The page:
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Taos talk: “Remaining Awake through a Great Revolution:” The Crucial Role of Citizen Groups; Key issues for New Mexico
August 7, 2017
We wanted to let you know about an upcoming talk and discussion in Taos, hosted by Taos United (see the announcement below).
There may be groups in other New Mexico places which would like to invite Trish and I to lead discussions similar to this one or on some of these detailed topics, which are best addressed within the context of an organization, or a church. One way or another, face-to-face meetings are essential to any real progress on the issues.
Our whirlwind 10-week summer internship program on climate and renewable energy ended this past week. Though it was smaller than we had originally hoped it was successful. (A few of the written products and a few pictures are here. We also met with a number of political leaders; what you see is just the tip of the iceberg.) We are now in the process of re-tooling for the next steps in all our issues as well as in the broader community awakening we hope to help foster -- with your help -- across the more conscious organizations, businesses, and churches.
Meanwhile many of you will find this open letter to our congressional delegation about the push to socialize nuclear waste useful: Publicly oppose consolidated interim storage of spent nuclear fuel, as well as H.R. 3053, open letter to NM delegation, Aug 2, 2017.
Now, about these local lists. I am going to start using them more to provide reference articles and thoughtful analyses which I think are of significant or signal importance to our work together. Some of you will appreciate that, and some will find it too much. If you want off these lists, let me know. I hope to initiate this in the next day or so. Hopefully we will keep many or most of you on board. We will also be adding some activist leaders in New Mexico locales besides Albuquerque, Santa Fe, and Taos.
The Taos announcement follows.
In solidarity, Greg
“Remaining Awake through a Great Revolution:” The Crucial Role of Citizen Groups; Key issues for New Mexico
Talk for Taos United by Greg Mello, Los Alamos Study Group, with discussion
9:30 am Saturday August 19, 2017 at the Kit Carson Electric Co-op, 118 Cruz Alta Road, Taos
We live at the end of an age. A huge storm, bigger than any humanity has ever known, is barreling toward us. The wind is rising, the barometer falling. The first bands of rain have arrived. We cannot see into the dark clouds massed on the horizon. Much that we have known is about to change, radically.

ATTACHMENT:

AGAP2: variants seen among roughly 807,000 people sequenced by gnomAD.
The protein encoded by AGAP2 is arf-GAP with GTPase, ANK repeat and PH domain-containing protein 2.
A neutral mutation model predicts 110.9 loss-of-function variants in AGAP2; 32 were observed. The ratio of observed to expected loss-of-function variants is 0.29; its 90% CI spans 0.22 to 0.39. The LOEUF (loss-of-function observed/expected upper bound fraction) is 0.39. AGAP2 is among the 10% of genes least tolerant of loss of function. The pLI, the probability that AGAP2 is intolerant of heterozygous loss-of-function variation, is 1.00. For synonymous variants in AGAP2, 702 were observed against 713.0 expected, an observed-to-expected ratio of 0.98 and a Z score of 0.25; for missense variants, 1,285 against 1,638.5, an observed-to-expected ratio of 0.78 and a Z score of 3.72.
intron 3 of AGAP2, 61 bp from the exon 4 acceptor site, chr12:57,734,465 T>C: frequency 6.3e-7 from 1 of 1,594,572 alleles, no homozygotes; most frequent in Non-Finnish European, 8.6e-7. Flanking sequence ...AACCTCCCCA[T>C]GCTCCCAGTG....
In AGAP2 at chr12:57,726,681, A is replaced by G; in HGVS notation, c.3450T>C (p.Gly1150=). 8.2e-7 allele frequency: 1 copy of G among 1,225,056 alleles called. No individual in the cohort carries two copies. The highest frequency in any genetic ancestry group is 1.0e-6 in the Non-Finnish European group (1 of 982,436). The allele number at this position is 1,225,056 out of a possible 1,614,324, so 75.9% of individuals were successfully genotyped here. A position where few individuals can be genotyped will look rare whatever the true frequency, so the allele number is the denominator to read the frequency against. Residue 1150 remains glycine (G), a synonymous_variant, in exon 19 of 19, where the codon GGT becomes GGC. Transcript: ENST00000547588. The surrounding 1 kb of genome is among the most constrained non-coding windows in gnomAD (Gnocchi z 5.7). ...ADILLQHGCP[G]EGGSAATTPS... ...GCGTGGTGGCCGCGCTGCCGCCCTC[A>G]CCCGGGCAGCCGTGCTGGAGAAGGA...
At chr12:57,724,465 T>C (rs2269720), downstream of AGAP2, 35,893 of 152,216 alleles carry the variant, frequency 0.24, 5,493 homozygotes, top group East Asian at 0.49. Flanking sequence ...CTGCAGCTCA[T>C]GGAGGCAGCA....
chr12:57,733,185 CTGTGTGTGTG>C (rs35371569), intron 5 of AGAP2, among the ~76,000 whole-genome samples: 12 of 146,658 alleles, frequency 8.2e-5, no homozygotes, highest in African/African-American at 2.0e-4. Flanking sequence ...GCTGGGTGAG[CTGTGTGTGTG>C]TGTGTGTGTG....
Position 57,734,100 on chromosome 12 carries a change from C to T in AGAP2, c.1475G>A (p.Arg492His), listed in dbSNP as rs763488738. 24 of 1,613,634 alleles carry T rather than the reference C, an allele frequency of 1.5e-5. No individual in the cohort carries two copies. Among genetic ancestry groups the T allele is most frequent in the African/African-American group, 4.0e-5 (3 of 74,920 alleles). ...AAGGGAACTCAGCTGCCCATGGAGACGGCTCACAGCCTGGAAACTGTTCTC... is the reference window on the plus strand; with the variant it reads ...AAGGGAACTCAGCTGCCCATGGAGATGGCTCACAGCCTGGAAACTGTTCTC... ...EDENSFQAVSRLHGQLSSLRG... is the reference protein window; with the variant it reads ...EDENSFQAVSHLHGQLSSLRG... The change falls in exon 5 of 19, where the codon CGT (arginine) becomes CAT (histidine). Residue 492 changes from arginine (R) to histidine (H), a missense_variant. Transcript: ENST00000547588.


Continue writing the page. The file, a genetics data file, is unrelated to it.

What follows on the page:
It is an altogether revolutionary time, even more so than when Dr. King posed that challenge. Our freedom lies in waking up to this reality, understanding and accepting it, and guiding our actions accordingly. For our children to survive we are going to have to find the courage and respect for one another – two sides of one coin – that our post-democratic institutions have been so keen to hide.
Independent groups like Taos United are critically important at this historical juncture, as are churches and our civic organizations, not just for the sake of reform or for maintenance of our best civic traditions, but as beacons of wakefulness, energetic joy-in-action, and mutual respect.
Mr. Mello will discuss some of roles these groups can play at this time, from direct policy intervention to constructive action to nonviolent resistance. He will especially address some of the key peace and security issues in which local groups could play a determinative role. These include the vast investments in new nuclear weapons now underway, in which the New Mexico labs are playing a central and enabling role; the increasing push to store or dispose of enormous quantities of nuclear waste in the state; and the military push to use more of rural New Mexico for training. [Nota bene: I am not an expert on this last topic, as important and closely connected to all we do as it is. I will either invite someone from Peaceful Skies to speak on this, or else get an emergency briefing from them beforehand! The direct influence of the military in New Mexico is too important a topic to leave out.]
The recently-negotiated internationally treaty banning design, production, use, and threat of use of nuclear weapons, which will outlaw most of the work of the New Mexico nuclear labs, opens for signature in September. It is an important new tool for citizen engagement, locally and internationally. We can liken it to a grain-harvesting combine. The fields are ripe, and a brand-new combine has been purchased by the sweat and sacrifice of decades. Diesel’s in the tank. There’s the key. Shall we fire it up?
Open-source knowledge and intelligence on the one hand, and the pervasiveness of propaganda on the other, create the conditions for powerful new roles for local groups in countering false narratives. A few people can, in addition to their local activities, be powerful on a much wider scale than ever before.
The nature of U.S. society is now hanging in the balance, as is the inhabitability of Earth. Preserving life and building a more sustainable and nonviolent future is ennobling and joyful work, which can bring us together in new and creative ways if we let it.
There will be ample time for discussion.